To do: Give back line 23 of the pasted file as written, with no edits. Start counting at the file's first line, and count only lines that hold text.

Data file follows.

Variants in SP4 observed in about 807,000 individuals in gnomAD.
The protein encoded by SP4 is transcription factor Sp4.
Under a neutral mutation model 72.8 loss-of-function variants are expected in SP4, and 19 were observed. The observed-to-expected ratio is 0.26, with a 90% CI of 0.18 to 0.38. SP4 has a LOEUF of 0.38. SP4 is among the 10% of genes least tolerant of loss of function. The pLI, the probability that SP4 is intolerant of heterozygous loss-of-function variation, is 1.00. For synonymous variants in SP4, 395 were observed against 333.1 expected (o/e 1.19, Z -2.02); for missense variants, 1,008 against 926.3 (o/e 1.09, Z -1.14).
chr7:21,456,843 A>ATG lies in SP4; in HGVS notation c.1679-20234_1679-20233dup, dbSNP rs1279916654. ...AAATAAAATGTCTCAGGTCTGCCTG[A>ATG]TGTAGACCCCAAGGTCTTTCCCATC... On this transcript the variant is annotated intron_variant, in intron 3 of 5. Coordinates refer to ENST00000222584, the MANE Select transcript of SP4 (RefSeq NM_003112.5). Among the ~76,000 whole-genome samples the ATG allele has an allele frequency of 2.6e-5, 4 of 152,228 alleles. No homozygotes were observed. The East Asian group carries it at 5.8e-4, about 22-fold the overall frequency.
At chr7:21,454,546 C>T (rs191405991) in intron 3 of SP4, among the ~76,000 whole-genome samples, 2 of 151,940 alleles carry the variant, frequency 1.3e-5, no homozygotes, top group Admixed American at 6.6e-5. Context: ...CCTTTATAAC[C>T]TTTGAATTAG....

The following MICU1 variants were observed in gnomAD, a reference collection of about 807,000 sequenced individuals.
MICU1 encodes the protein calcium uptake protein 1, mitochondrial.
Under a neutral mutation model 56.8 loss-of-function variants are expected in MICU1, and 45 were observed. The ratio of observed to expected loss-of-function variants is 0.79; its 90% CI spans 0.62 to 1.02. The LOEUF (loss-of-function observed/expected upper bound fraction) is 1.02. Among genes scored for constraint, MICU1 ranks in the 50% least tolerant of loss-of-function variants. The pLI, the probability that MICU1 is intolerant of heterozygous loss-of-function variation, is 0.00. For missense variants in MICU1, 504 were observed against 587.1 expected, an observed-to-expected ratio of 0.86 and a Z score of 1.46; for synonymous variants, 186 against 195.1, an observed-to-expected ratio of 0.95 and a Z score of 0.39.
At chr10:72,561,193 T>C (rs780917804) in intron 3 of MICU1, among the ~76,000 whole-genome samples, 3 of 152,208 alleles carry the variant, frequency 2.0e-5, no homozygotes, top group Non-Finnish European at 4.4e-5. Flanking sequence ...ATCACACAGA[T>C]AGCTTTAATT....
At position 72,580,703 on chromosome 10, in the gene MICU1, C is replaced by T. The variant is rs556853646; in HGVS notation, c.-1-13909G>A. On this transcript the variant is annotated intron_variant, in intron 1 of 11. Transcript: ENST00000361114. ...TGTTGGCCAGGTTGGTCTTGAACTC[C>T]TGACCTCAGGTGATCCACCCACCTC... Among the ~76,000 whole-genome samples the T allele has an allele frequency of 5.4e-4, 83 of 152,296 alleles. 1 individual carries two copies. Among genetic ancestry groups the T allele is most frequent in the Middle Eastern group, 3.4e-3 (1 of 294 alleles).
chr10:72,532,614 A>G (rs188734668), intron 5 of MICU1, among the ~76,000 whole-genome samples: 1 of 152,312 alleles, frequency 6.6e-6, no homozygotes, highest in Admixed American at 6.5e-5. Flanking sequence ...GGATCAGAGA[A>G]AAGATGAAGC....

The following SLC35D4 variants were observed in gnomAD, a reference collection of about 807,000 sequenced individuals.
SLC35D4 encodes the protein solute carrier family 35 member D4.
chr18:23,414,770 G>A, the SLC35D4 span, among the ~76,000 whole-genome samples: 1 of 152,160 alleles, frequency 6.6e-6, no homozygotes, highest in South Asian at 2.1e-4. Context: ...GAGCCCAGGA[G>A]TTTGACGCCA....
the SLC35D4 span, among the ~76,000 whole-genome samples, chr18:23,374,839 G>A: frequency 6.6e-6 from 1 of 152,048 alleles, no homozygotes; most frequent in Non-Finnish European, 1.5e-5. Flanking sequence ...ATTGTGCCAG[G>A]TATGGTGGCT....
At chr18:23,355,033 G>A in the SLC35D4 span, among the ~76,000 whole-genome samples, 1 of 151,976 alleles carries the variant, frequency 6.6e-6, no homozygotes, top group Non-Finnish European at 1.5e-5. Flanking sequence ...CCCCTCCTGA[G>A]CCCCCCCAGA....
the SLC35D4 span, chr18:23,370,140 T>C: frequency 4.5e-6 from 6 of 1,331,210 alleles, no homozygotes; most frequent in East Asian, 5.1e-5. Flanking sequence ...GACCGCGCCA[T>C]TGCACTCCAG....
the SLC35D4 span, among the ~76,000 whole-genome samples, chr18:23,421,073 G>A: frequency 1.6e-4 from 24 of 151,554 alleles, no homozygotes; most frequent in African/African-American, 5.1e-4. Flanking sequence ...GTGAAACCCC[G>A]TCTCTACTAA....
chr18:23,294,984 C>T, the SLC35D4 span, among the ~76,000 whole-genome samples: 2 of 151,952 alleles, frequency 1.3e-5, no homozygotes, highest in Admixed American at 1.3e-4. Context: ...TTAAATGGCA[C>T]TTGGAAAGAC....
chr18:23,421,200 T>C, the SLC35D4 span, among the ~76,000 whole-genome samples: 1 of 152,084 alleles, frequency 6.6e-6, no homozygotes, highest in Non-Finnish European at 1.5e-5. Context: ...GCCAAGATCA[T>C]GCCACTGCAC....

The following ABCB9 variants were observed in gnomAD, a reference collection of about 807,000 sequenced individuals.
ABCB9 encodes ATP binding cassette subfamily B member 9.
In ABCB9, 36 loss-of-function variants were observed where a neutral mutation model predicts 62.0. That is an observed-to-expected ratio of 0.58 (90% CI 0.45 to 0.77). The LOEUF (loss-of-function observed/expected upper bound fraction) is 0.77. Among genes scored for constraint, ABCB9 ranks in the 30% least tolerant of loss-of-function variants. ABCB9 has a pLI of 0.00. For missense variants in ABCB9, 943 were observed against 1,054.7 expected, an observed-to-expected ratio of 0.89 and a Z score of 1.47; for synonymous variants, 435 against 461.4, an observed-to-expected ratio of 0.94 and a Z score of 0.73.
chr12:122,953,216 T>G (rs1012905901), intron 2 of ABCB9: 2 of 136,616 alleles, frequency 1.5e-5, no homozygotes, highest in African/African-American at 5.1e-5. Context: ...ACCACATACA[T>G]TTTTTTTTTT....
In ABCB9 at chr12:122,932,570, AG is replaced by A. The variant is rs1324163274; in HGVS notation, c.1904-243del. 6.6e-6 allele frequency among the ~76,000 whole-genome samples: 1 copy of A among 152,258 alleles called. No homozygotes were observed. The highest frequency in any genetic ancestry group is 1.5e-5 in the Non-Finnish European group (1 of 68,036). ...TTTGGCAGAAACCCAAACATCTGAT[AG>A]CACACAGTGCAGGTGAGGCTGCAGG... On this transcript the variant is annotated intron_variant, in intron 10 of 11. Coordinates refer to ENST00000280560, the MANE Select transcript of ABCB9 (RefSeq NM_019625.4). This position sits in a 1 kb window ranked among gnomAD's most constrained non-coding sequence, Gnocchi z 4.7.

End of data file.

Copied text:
In ABCB9, 36 loss-of-function variants were observed where a neutral mutation model predicts 62.0. That is an observed-to-expected ratio of 0.58 (90% CI 0.45 to 0.77). The LOEUF (loss-of-function observed/expected upper bound fraction) is 0.77. Among genes scored for constraint, ABCB9 ranks in the 30% least tolerant of loss-of-function variants. ABCB9 has a pLI of 0.00. For missense variants in ABCB9, 943 were observed against 1,054.7 expected, an observed-to-expected ratio of 0.89 and a Z score of 1.47; for synonymous variants, 435 against 461.4, an observed-to-expected ratio of 0.94 and a Z score of 0.73.